Social Dilemma Aversion and Information Avoidance

Last registered on July 08, 2022

Pre-Trial

Trial Information

General Information

Title
Social Dilemma Aversion and Information Avoidance
RCT ID
AEARCTR-0009057
Initial registration date
July 02, 2022

Initial registration date is when the trial was registered.

It corresponds to when the registration was submitted to the Registry to be reviewed for publication.

First published
July 08, 2022, 9:18 AM EDT

First published corresponds to when the trial was first made public on the Registry after being reviewed.

Locations

Region

Primary Investigator

Affiliation
Paderborn University

Other Primary Investigator(s)

Additional Trial Information

Status
In development
Start date
2022-06-21
End date
2022-09-30
Secondary IDs
Prior work
This trial is based on or builds upon one or more prior RCTs.
Abstract
Many studies document that some people ignore information, even though this information would be instrumental for their decision-making. This behavior was often attributed to self-image concerns (Grossmann and VanderWeele 2017). A recent study by Exley and Kessler (2021) however finds that indeed self-image concerns play their role, but a large share of the ignorance behavior is still unexplained. In this study, we will explore whether people instrumentally ignore information to avoid a social dilemma situation. Our design is based on the hidden information game by Dana et al. (2007). To answer our question we reduce the size of the dilemma situation in the experiment.
External Link(s)

Registration Citation

Citation
Bopp, Fabian. 2022. "Social Dilemma Aversion and Information Avoidance." AEA RCT Registry. July 08. https://doi.org/10.1257/rct.9057-1.0
Experimental Details

Interventions

Intervention(s)
To show that social dilemma aversion can explain ignorance, we aim to reduce the tradeoff situation in the dilemma without changing other elements of the game. To reduce the possible tradeoff, we using two different approaches implement an additional mediocre option to the hidden information game by Dana et al. (2007) and thereby eliminate the worst possible dilemma situation.
T0 describes the baseline hidden information game as described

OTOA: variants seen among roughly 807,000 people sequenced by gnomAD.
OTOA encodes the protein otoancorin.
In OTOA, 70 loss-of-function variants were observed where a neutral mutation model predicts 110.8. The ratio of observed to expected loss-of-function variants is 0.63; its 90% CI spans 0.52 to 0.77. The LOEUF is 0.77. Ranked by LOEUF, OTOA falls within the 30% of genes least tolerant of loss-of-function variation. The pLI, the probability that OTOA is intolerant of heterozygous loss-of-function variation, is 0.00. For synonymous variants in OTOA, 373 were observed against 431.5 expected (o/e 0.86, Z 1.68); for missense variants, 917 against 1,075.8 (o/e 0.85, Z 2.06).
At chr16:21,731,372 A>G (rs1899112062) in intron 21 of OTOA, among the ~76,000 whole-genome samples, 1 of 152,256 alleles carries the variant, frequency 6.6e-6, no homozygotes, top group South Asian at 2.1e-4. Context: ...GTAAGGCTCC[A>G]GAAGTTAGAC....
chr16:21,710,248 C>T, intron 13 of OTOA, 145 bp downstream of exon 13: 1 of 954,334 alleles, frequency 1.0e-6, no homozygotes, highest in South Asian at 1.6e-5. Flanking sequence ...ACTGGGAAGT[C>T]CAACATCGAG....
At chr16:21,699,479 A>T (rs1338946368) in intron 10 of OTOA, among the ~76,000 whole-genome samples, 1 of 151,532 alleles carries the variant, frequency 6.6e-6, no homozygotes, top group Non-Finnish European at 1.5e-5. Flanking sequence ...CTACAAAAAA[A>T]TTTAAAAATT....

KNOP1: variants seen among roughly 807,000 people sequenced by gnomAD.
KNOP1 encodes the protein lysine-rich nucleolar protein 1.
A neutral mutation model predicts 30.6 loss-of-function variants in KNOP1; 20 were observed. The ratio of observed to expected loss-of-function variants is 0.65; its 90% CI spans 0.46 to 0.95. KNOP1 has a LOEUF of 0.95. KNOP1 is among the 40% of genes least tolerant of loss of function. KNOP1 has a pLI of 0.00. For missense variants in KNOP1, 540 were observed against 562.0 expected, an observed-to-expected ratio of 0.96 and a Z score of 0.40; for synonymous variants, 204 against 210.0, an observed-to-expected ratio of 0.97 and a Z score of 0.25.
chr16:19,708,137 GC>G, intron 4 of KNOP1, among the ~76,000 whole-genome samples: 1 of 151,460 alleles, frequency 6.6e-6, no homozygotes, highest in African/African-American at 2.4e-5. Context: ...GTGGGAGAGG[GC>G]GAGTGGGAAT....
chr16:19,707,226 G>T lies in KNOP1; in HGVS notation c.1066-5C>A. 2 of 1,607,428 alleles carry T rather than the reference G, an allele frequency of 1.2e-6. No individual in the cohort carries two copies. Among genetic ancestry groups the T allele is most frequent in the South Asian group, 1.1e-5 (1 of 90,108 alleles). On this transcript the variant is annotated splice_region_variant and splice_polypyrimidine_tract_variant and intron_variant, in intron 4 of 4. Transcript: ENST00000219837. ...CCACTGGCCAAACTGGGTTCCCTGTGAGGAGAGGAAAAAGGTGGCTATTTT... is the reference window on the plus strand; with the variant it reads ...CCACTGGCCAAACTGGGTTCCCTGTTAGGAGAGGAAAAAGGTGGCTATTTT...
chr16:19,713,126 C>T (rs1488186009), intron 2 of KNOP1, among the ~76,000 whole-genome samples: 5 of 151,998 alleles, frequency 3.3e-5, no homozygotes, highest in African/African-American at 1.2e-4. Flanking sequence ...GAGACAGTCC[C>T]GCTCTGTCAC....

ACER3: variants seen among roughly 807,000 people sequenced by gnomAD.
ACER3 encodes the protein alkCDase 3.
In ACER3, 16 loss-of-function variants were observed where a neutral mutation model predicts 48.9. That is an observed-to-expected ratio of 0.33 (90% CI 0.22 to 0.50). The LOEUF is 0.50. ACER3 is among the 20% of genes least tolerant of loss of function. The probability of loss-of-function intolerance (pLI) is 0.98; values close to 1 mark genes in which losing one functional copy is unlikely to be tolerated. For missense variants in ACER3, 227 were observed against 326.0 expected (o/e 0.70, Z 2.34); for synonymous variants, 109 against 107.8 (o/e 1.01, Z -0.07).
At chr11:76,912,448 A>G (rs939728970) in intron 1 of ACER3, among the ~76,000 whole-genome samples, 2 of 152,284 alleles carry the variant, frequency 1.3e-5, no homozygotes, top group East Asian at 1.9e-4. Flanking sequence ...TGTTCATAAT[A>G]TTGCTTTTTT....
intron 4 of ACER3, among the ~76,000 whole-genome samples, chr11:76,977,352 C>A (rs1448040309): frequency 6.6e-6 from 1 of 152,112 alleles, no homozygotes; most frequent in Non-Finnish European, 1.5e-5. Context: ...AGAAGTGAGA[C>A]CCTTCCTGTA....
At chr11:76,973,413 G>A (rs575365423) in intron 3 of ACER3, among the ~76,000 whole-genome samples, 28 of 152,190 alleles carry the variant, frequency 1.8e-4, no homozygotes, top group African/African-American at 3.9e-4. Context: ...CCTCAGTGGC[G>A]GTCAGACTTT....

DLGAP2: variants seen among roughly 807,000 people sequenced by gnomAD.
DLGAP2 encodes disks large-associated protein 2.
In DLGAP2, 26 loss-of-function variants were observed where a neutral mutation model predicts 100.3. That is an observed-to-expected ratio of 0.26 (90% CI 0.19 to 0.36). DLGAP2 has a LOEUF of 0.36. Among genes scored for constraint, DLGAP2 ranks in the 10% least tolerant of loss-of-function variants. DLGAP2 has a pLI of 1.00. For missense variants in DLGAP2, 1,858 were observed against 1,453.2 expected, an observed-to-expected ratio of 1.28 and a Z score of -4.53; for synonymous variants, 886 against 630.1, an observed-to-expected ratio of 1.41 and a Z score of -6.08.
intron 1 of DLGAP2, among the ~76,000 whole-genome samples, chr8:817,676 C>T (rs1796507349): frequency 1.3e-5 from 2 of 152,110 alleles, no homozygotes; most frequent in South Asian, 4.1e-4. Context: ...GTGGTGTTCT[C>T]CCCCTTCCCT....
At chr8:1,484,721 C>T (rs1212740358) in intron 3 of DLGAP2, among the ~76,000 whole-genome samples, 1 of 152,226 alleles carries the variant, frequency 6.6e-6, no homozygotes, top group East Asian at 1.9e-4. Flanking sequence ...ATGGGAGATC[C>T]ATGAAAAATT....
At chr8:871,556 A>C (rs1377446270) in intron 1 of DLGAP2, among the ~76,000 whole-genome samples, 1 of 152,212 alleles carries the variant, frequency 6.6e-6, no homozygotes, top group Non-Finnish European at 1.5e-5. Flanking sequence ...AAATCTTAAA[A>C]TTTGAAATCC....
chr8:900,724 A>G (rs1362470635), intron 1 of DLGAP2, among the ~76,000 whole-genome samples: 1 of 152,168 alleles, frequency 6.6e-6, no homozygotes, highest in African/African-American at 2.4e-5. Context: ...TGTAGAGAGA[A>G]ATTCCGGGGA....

T1 consists of adding an additional third option, which domiates the worst option in the dilemma situation.
T2 of replacing the worst option in the dilemma situaton.
Intervention Start Date
2022-06-21
Intervention End Date
2022-09-30

Primary Outcomes

Primary Outcomes (end points)
Revealing of information vs. remaining uninformed
Primary Outcomes (explanation)
We are interested in the decision to inform oneself about being either in the aligned or conflicting state of the world. We are interested in the share of agents who do not inform themselves and whether the share is affected by the intervention of adding a mediocre option.

Secondary Outcomes

Secondary Outcomes (end points)
pro-social action
Secondary Outcomes (explanation)
We are interested in, whether due to the additional option the pro-social option will be more often selected and thus whether positive welfare is created. Also we are interested in whether the expected observed effect is differently strong for female and male subjects as we believe that different mechanisms might be more or less relevant depending on the gender.

Experimental Design

Experimental Design
The design is based on the hidden information treatment in the moral wiggle room game by Dana et al. (2007). In the game a decision maker has to choose between option. Depending on the unkown state of the world of the interests either being alignd or conflicting one option is selfish and the other prosocial. The player can reveal the state of the world for free. In the treatment a mediocre option is added to the game. After informing the potential size of the tradeoff situation is reduced as the in the initial game worst option is dominated and becomes irrelevant (T2) or not even existing anymore (T1). If the aversion of being in such an unpleasant situation drives information avoidance, we should see less ignorance behavior in the game with the mediocre option.
Experimental Design Details
Randomization Method
Randomization of subjects to the treatments is done by the computer.
Randomization Unit
individual randomization: The agents will be assigned to treatments within one session based on the ID.
Was the treatment clustered?
Yes

Experiment Characteristics

Sample size: planned number of clusters
The agents will be randomly assigned to treatments within one session.
Sample size: planned number of observations
The overall number of the study will depend on the share of information avoidance obseravle in the baseline and thus can only be an estimate. In total 600 observations are planned.
Sample size (or number of clusters) by treatment arms
200 per treatment.

Minimum detectable effect size for main outcomes (accounting for sample design and clustering)
This depends hardly on the baseline share of ignorant behavior. i.e. asuming an ignorance share of .50 in T0, we expect with decent power to observe an posibble difference of .10 reduction in T1/T2 .
IRB

Institutional Review Boards (IRBs)

IRB Name
Ethik-Kommission der Universit├Ąt Paderborn
IRB Approval Date
2021-09-03
IRB Approval Number
N/A

Post-Trial

Post Trial Information

Study Withdrawal

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Intervention

Is the intervention completed?
No
Data Collection Complete
Data Publication

Data Publication

Is public data available?
No

Program Files

Program Files
Reports, Papers & Other Materials

Relevant Paper(s)

Reports & Other Materials